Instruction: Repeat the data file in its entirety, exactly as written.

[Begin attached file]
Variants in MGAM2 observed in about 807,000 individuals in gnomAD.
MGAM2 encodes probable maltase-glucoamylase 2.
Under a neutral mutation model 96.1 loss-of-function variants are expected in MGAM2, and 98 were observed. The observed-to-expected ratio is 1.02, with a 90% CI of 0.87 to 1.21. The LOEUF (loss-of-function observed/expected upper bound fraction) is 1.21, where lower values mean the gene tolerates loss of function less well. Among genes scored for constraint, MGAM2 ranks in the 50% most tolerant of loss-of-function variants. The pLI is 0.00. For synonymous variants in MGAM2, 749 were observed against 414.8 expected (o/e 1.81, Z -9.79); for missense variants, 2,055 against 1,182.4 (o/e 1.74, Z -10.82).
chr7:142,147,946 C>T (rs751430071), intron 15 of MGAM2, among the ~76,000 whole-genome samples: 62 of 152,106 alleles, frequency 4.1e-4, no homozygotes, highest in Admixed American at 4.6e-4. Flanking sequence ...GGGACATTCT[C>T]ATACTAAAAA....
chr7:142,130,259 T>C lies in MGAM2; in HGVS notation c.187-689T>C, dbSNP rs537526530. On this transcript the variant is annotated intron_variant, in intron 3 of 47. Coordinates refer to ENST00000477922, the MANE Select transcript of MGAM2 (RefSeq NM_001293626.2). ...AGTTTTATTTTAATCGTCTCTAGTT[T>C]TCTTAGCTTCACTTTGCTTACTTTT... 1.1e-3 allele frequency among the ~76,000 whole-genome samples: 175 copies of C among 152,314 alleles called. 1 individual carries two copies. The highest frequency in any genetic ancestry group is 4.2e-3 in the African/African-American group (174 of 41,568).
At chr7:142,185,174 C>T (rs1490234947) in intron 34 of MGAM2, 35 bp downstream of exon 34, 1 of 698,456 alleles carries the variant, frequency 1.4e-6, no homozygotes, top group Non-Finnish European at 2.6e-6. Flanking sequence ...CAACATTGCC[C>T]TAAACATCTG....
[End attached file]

Variants in MGAM2 observed in about 807,000 individuals in gnomAD.
MGAM2 encodes probable maltase-glucoamylase 2.
Under a neutral mutation model 96.1 loss-of-function variants are expected in MGAM2, and 98 were observed. The observed-to-expected ratio is 1.02, with a 90% CI of 0.87 to 1.21. The LOEUF (loss-of-function observed/expected upper bound fraction) is 1.21, where lower values mean the gene tolerates loss of function less well. Among genes scored for constraint, MGAM2 ranks in the 50% most tolerant of loss-of-function variants. The pLI is 0.00. For synonymous variants in MGAM2, 749 were observed against 414.8 expected (o/e 1.81, Z -9.79); for missense variants, 2,055 against 1,182.4 (o/e 1.74, Z -10.82).
chr7:142,147,946 C>T (rs751430071), intron 15 of MGAM2, among the ~76,000 whole-genome samples: 62 of 152,106 alleles, frequency 4.1e-4, no homozygotes, highest in Admixed American at 4.6e-4. Flanking sequence ...GGGACATTCT[C>T]ATACTAAAAA....
chr7:142,130,259 T>C lies in MGAM2; in HGVS notation c.187-689T>C, dbSNP rs537526530. On this transcript the variant is annotated intron_variant, in intron 3 of 47. Coordinates refer to ENST00000477922, the MANE Select transcript of MGAM2 (RefSeq NM_001293626.2). ...AGTTTTATTTTAATCGTCTCTAGTT[T>C]TCTTAGCTTCACTTTGCTTACTTTT... 1.1e-3 allele frequency among the ~76,000 whole-genome samples: 175 copies of C among 152,314 alleles called. 1 individual carries two copies. The highest frequency in any genetic ancestry group is 4.2e-3 in the African/African-American group (174 of 41,568).
At chr7:142,185,174 C>T (rs1490234947) in intron 34 of MGAM2, 35 bp downstream of exon 34, 1 of 698,456 alleles carries the variant, frequency 1.4e-6, no homozygotes, top group Non-Finnish European at 2.6e-6. Flanking sequence ...CAACATTGCC[C>T]TAAACATCTG....